Operating theatres are open again

Thu, 04. Jul. 2019
The team looks forward to a smoother workflow: Patrizia Ledergerber Ruiz (Head of Surgical Technique) and Daniel Rindlisbacher (Head of Anaesthesiology) next to the sterilising machine that looks like an oven. (Blanca Burri)

The new build for the Zweisimmen hospital has been promised for years yet the project keeps getting delayed. Therefore, Spital STS AG has responded, investing CHF 2m in the 40-year-old hospital.

Outside, it’s cold and the rain hasn’t stopped for days. The wet weather is plain to see on the ceiling of the restaurant at Zweisimmen Hospital. Painted grey, the ceiling has several large damp patches. The entire building is aging. It was constructed in 1971 and now needs partial renovation. Overall, Spital STS AG is investing CHF 2m in the building.

A refurbished, newly-equipped operating theatre
One of the first steps is to refurbish the surgical wing. “The furnishings and floors no longer complied with today’s hygiene standards,” explains site manager, Martina Gläsel. Spital STS AG began planning the refurbishment early on, checking out all the necessary work procedures and processes and incorporating the latest findings into the refurbishment plans. After Easter, the surgical wing closed so the refurbishment could begin. For a time, all operations took place in Thun.

The operating theatre is out of bounds to visitors
Before the wing was thoroughly disinfected, the press had the chance to visit the premises. This was a bit like winning the lottery because going into the heart of any hospital is strictly prohibited for hygiene reasons. The entrance area is spacious. Like the rest of the wing, the walls are decorated with mustard-yellow tiles. From there, two automatic doors to the left and right, leading into the preparation rooms, where the surgical teams get ready for operations and patients receive their anaesthesia. Each preparation room has an adjoining operating room.

Hygiene is a top priority
The sterilisation process takes place between the two operating rooms. All equipment and instruments must be free of germs. So, the first step after use is cleaning by hand and by machine. The full sterilisation process takes over an hour. A self-contained ventilation system provides completely germ-free air. “The old floor had several repaired areas, which made cleaning it very hard work,” explains Patrizia Ledergerber Ruiz, Head of Surgical Techniques. It simply had to be replaced. The new state-of-the-art light grey floor meets all of today’s requirements.

CHF 2m invested
At the same time, renovation work took place on the roof of the surgical unit. To make sure the hospital can keep running in the medium term, further investments are planned: The telephone system, X-ray equipment, emergency monitoring, emergency pharmacy and dishwasher in the kitchen are all included to be replaced. Over the last two years, new hospital beds have been purchased.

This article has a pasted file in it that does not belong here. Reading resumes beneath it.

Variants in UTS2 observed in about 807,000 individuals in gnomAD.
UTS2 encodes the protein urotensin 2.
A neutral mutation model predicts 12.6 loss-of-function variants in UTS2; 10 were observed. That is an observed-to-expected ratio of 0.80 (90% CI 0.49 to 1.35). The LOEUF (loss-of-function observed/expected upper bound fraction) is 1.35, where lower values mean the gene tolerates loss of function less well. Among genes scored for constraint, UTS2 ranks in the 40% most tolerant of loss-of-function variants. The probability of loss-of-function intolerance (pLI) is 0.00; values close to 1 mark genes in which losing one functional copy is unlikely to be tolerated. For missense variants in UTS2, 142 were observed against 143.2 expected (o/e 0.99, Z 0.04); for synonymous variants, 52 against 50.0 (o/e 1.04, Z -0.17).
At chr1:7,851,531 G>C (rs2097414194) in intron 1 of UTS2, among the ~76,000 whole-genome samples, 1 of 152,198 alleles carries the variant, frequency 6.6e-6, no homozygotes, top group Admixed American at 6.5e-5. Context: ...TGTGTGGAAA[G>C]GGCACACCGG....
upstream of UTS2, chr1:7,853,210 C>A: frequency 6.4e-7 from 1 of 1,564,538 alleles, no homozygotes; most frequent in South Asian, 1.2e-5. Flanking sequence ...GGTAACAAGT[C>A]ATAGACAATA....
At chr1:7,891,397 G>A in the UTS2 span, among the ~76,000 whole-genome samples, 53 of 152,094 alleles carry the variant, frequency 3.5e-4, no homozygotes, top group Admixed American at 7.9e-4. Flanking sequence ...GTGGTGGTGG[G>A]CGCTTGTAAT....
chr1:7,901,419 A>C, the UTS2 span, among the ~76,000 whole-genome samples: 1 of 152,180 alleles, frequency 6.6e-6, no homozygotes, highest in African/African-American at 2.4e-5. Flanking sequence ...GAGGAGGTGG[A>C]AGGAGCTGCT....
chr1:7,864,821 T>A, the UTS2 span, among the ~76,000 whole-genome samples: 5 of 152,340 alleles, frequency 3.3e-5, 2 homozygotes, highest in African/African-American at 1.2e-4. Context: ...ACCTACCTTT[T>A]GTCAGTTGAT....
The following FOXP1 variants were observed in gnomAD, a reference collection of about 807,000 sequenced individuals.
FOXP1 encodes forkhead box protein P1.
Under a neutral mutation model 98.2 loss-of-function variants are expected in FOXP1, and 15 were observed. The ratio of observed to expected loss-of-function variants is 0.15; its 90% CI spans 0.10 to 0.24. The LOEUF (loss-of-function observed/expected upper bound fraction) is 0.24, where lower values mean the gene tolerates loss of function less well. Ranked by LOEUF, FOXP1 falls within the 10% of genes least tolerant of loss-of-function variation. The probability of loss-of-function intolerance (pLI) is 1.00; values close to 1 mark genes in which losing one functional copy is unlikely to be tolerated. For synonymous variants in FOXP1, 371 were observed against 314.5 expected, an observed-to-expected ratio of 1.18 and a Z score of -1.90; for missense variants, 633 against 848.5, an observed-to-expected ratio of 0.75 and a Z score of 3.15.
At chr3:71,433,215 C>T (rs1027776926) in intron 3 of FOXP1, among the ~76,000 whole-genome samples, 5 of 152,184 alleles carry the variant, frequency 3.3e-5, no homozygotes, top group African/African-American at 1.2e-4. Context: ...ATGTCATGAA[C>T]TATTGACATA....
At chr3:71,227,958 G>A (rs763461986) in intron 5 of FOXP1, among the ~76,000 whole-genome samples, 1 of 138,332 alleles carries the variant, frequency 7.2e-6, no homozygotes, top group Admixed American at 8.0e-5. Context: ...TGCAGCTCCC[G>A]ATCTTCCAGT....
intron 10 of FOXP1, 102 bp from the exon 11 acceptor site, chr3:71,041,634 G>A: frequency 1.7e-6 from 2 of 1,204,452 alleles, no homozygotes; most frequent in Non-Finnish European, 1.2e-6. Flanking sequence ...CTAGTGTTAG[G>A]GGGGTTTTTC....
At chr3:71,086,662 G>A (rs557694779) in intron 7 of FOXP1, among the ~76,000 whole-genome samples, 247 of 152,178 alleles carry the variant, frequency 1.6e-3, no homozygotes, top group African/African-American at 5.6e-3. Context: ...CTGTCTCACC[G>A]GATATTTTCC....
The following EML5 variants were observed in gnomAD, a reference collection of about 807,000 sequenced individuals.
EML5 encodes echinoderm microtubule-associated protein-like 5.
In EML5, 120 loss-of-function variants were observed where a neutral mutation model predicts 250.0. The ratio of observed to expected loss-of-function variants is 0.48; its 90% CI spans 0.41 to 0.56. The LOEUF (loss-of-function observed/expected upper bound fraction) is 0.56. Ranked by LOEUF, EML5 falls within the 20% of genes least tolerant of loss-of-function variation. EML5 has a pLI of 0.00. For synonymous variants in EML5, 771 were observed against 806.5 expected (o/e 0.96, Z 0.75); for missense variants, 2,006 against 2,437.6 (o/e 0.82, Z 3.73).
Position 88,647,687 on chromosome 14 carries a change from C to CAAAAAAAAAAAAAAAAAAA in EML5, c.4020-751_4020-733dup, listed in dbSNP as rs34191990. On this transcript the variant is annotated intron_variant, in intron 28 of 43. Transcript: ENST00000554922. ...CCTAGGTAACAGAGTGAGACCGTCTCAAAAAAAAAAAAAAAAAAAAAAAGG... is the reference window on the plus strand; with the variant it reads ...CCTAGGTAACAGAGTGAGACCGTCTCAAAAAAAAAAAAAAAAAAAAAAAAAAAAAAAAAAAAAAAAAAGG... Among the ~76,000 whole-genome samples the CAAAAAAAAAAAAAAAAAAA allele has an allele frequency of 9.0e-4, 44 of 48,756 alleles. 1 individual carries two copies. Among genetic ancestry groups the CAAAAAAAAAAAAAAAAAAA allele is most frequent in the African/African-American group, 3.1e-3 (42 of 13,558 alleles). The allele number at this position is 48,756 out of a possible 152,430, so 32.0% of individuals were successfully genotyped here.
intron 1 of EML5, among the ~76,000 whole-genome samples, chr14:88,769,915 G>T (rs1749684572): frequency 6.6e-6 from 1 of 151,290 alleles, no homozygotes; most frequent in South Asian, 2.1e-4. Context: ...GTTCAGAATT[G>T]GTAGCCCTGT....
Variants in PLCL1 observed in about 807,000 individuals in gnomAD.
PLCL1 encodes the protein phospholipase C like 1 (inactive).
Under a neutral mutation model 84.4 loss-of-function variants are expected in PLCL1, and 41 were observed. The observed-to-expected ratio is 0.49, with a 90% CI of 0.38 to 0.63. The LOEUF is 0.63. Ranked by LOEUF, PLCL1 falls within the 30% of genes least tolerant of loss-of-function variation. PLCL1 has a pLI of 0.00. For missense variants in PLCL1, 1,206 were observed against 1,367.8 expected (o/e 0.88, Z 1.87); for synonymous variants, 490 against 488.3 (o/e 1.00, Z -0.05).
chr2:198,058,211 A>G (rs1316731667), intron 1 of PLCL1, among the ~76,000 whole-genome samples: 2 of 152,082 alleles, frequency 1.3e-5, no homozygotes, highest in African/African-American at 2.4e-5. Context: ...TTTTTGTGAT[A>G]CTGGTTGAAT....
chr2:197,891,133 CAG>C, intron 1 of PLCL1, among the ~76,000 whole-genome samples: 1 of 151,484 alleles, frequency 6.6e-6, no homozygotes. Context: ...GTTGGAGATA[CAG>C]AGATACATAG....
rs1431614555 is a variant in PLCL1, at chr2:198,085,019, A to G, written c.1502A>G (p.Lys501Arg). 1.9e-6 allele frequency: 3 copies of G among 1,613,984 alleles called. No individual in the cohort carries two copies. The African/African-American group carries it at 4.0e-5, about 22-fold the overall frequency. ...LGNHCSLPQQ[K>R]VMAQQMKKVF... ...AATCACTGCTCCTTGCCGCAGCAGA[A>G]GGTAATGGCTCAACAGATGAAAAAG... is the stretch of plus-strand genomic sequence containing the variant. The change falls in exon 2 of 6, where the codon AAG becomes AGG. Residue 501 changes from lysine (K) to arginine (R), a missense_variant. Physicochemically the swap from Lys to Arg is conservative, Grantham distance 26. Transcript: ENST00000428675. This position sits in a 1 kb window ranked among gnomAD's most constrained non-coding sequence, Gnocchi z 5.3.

Investing in the building has long been a no-no because of the new build plans. In contrast, equipment and devices were updated whenever possible. Martina Gläsel: “Every year, our budget is around CHF 400,000 to spend plus replacements that we can purchase after direct approval.” She immediately puts the high investment into context. Two new anaesthesia devices, including monitors, cost more than CHF 220,000. “The money goes so quickly.” Because medical devices have a lifecycle of around ten to twelve years, investment needs to remain high.

Great place to work
Martina Gläsel and Patrizia Ledergerber Ruiz agree: “The Zweisimmen Hospital is part of the Spital STS AG and a great place to work.” They particularly like the direct official channels and the pragmatic way of handling matters. “We all know each other personally and can offer uncomplicated support across different departments. We invest a lot of passion in the company.” Nevertheless, this rural hospital has to fight for its employees. “For example, nursing homes, the Spitex service and the hospital are all competing employers in the care sector.” All medical specialists are already working in one of the local institutions, according to the head of the hospital. There’s a considerable skills shortage. Employees for the emergency department, operating theatre and anaesthesia department are recruited from far and wide. For this reason, Spital STS AG supports employees (including giving them financial support) if they wish to continue their education in the area.

Based on AvS/Blanca Burri
Translated by Justine Hewson


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